Flu: The Imminent Pandemic
Influenza is an everyday disease that affects thousands worldwide. Despite its reputation as a mundane sickness, the flu (especially the avian flu) is widely touted by experts as the propagator of the next deadly pandemic. The secret to this virus’ lethality is its antigenic shifting, leading to increased virulence and transmission factors. If one strain of a super flu begins circulating, millions of lives and billions of dollars will be lost. Only by preparing a national and worldwide response to this threat will we be able to combat this imminent pandemic.
Deadlier than the Black Death, more lethal than nuclear warfare -- this is the modus operandi of the pathogenic virus alphainfluenzavirus Orthomyxoviridae, more commonly known as the human flu. This is no simple cold virus; the historical records of this disease reveal that the three major flu pandemics in the 20th century, most notably the 1918 Spanish Flu, wiped out an estimated 20-50 million people (CDC). Furthermore, it is almost certain that the next pandemic will be caused by a strain of influenza called H5N1, A.K.A. the notorious avian flu (CDC). Experts warn that question of this pandemic is not “if”, but “when”. So what does the future hold for us?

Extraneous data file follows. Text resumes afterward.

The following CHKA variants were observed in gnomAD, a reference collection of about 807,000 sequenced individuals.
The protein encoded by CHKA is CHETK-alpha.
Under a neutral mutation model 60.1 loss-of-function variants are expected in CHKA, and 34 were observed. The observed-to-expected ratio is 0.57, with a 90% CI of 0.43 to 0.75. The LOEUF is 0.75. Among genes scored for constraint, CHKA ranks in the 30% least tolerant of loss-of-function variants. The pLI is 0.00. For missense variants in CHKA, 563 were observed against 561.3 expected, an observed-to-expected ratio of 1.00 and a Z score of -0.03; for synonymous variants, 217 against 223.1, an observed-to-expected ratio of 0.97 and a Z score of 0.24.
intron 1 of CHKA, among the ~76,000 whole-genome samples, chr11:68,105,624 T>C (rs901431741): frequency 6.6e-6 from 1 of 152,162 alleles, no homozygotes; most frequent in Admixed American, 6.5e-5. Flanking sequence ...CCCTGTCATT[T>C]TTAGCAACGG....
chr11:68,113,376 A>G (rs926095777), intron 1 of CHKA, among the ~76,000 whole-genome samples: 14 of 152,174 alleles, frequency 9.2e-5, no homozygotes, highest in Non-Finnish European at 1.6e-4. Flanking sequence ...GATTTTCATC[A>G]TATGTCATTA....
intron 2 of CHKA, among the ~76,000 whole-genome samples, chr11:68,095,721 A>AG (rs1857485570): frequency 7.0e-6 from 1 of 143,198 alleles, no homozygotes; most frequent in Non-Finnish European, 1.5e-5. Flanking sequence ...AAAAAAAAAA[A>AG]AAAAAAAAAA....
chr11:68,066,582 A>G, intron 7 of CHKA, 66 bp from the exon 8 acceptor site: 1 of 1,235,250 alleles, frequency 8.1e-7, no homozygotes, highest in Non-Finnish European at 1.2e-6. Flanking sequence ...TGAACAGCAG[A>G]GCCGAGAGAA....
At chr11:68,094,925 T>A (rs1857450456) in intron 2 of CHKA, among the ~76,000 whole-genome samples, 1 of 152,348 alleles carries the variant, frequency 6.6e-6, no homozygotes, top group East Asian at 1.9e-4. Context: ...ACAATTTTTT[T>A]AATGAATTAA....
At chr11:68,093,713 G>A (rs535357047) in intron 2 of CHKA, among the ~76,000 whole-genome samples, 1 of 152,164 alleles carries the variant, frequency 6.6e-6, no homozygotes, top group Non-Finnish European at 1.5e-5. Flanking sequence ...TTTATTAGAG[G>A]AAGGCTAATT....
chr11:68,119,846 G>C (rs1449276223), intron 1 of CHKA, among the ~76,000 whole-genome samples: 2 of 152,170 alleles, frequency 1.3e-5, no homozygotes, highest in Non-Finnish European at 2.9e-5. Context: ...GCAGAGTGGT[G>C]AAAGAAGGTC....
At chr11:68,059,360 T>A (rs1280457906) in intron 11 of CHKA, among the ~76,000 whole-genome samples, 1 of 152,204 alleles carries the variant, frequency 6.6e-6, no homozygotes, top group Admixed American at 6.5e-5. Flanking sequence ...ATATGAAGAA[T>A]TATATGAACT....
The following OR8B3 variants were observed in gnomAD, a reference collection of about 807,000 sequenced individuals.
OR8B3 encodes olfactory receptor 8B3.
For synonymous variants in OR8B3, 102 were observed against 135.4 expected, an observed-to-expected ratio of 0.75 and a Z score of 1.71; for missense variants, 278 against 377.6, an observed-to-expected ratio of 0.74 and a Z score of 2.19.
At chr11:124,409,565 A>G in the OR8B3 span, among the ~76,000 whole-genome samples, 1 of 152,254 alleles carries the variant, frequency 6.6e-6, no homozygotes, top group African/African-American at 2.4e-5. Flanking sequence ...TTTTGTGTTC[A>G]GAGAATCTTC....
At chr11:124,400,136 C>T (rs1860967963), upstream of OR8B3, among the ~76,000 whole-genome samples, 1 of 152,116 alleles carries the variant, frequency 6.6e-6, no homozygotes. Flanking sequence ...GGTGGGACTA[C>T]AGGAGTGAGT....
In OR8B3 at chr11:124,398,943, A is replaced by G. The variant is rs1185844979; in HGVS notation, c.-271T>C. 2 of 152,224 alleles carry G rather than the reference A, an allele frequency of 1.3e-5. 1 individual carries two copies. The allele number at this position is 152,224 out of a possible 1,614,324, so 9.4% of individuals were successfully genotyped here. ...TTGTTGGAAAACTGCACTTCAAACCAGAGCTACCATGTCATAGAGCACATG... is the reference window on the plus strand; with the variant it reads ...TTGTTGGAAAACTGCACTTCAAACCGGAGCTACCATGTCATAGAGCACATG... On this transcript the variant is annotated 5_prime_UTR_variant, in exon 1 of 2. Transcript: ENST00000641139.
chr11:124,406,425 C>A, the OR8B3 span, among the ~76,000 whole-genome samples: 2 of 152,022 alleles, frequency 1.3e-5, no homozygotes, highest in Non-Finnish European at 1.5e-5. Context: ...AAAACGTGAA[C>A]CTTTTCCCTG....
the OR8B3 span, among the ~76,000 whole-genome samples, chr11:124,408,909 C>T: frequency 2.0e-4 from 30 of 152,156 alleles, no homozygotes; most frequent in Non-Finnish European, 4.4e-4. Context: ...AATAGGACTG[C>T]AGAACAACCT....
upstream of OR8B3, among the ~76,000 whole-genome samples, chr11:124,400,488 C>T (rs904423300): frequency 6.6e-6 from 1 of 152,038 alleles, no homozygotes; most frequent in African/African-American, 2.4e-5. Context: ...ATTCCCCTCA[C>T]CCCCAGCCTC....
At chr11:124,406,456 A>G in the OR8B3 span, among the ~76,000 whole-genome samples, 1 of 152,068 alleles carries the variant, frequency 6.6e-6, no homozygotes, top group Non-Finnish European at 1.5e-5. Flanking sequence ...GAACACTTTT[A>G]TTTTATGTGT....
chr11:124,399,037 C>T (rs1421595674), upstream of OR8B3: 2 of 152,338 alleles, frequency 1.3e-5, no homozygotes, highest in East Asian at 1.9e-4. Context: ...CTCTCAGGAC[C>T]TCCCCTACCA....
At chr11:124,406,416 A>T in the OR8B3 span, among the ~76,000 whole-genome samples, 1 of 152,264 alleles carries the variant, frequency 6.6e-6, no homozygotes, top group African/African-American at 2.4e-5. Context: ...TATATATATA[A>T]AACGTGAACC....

Here are some basic facts about this seemingly mundane disease: 5%-20% of the US population gets the flu annually, with the young and the old at the biggest risk; symptoms include fever, aches, stomach symptoms, and sometimes complications like pneumonia, ear/sinus infections, and dehydration (CDC 2). Once a healthy adult is infected, flu viruses can infect others one day before symptoms are revealed and up to five days after the victim is outwardly sick (CDC 2-3). Large communities where people are in close contact are especially susceptible. Flu season occurs in January or later, so getting a vaccination before wintertime wards off most problems (CDC 8).
Yet the flu is still a threat to humans, even in countries with access to excellent medical care. Why? Although yearly vaccines prevent many people from succumbing the disease, the flu virus can go through what is called an antigenic shift – one strain of the flu can jump between two different species, go through an intermediate host to another species, or genetically mix when two strains meet in the same cell (CNN 2). To give one example, let’s say a common human strain (H3N2) finds a human cell and uses its hemagglutinin proteins to infiltrate it. Another strain that infects birds, such as H5N1, enters the same cell. These two sets of genetic material mix to yield a new strain, which may inherit the transmission and severity factors from both parent strains to produce a new virulent virus in humans (CNN 3). This is how zoonotic strains of pathogens enter the human pool of diseases. If we see this happen with a strain of avian flu, the consequences will be overwhelming.
The impact of seasonal influenza is already severely underestimated, killing...